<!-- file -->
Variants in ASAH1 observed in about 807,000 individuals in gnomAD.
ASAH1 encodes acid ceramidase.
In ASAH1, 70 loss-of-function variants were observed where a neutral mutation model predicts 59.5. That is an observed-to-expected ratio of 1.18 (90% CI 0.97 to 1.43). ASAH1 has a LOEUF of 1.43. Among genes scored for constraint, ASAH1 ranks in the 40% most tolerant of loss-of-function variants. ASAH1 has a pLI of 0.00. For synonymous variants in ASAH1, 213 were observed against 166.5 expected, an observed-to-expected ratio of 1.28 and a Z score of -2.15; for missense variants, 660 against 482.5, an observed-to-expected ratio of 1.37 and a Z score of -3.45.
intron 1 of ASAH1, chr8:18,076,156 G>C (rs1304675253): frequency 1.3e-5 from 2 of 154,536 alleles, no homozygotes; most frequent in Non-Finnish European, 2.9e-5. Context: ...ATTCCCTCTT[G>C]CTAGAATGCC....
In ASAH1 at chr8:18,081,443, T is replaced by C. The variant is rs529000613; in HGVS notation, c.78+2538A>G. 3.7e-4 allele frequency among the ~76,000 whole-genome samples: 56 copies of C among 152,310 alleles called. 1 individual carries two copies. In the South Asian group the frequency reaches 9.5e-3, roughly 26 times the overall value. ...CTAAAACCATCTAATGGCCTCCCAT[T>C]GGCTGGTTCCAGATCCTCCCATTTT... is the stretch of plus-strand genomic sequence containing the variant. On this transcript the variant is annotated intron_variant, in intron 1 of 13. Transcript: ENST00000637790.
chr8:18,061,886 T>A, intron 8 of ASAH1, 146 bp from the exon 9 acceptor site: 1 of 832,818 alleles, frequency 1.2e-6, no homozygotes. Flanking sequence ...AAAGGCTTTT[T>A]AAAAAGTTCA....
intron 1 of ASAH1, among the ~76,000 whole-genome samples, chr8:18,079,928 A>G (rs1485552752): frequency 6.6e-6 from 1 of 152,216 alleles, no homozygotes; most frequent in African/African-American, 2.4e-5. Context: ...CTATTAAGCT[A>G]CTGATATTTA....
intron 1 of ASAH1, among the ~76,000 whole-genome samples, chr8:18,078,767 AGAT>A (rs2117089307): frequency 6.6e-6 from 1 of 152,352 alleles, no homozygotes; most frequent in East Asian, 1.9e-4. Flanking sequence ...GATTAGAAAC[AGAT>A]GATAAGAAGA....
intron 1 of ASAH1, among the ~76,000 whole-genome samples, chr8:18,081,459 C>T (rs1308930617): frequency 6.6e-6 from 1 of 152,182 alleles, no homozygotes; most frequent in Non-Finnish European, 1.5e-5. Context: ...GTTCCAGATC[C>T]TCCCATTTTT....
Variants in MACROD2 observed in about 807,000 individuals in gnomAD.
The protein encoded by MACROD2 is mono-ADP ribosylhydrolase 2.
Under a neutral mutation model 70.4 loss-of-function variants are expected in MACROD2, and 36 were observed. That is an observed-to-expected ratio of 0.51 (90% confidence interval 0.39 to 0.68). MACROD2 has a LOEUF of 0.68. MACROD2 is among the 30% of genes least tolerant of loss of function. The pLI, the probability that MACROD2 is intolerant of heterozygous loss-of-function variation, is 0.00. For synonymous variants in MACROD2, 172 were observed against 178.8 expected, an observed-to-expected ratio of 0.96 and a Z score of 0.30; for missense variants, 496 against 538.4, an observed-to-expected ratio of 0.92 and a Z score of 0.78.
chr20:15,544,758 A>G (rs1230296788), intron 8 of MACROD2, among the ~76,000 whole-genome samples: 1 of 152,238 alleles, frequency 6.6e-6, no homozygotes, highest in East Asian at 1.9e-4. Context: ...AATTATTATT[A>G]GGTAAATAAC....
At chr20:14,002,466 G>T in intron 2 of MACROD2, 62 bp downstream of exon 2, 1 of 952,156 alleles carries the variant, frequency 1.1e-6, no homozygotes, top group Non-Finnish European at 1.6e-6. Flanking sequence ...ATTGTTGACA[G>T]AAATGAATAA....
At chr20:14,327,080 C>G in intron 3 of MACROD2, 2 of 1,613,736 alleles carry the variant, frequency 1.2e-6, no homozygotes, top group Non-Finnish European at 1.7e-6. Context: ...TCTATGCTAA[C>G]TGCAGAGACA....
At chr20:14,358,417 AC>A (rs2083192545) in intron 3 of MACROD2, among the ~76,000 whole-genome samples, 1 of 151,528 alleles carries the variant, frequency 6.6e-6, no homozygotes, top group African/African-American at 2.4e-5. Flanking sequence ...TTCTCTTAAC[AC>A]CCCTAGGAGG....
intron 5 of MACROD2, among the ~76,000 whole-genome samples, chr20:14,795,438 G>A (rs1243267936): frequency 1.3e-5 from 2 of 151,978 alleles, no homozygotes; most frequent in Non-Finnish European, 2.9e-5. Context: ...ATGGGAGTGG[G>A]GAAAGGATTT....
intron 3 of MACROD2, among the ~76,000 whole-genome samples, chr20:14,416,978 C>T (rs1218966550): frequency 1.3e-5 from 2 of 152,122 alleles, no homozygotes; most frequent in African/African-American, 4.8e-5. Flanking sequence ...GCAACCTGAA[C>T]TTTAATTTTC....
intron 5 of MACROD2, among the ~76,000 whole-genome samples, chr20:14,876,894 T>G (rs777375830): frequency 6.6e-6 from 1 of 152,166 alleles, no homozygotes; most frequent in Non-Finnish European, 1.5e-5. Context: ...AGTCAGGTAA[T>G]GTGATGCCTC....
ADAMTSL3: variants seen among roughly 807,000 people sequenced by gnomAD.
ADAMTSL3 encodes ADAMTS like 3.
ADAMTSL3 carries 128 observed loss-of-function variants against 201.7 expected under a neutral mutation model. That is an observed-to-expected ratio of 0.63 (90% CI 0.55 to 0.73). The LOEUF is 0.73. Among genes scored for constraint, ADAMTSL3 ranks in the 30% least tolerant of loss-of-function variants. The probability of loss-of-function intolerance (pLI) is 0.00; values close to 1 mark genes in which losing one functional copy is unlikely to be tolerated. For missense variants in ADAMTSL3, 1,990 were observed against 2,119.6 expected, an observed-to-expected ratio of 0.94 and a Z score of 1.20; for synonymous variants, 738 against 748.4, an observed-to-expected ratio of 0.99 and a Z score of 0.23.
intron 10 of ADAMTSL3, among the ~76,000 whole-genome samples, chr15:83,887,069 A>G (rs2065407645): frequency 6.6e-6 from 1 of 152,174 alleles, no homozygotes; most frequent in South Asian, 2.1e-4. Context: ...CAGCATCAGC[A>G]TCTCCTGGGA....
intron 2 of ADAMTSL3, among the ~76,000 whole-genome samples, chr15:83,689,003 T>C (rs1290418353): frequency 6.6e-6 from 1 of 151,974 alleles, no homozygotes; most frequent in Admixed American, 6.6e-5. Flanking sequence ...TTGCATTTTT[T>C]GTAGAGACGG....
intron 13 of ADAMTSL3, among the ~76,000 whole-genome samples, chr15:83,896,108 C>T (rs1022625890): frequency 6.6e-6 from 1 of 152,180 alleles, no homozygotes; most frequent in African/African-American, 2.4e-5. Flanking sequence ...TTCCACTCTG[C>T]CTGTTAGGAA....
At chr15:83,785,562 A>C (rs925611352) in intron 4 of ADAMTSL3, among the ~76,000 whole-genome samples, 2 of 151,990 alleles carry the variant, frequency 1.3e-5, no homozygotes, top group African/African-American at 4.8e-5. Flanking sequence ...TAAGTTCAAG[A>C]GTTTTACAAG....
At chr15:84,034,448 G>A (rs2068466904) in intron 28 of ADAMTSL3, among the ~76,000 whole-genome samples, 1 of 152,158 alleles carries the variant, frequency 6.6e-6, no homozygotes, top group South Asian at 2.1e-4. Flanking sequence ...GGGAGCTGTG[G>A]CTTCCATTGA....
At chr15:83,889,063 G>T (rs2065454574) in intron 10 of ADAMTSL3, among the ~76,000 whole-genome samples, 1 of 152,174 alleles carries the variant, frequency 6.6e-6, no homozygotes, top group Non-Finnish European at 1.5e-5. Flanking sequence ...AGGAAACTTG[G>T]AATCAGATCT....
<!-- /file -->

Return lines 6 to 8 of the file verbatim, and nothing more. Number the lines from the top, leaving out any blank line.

chr8:18,061,886 T>A, intron 8 of ASAH1, 146 bp from the exon 9 acceptor site: 1 of 832,818 alleles, frequency 1.2e-6, no homozygotes. Flanking sequence ...AAAGGCTTTT[T>A]AAAAAGTTCA....
intron 1 of ASAH1, among the ~76,000 whole-genome samples, chr8:18,079,928 A>G (rs1485552752): frequency 6.6e-6 from 1 of 152,216 alleles, no homozygotes; most frequent in African/African-American, 2.4e-5. Context: ...CTATTAAGCT[A>G]CTGATATTTA....
intron 1 of ASAH1, among the ~76,000 whole-genome samples, chr8:18,078,767 AGAT>A (rs2117089307): frequency 6.6e-6 from 1 of 152,352 alleles, no homozygotes; most frequent in East Asian, 1.9e-4. Flanking sequence ...GATTAGAAAC[AGAT>A]GATAAGAAGA....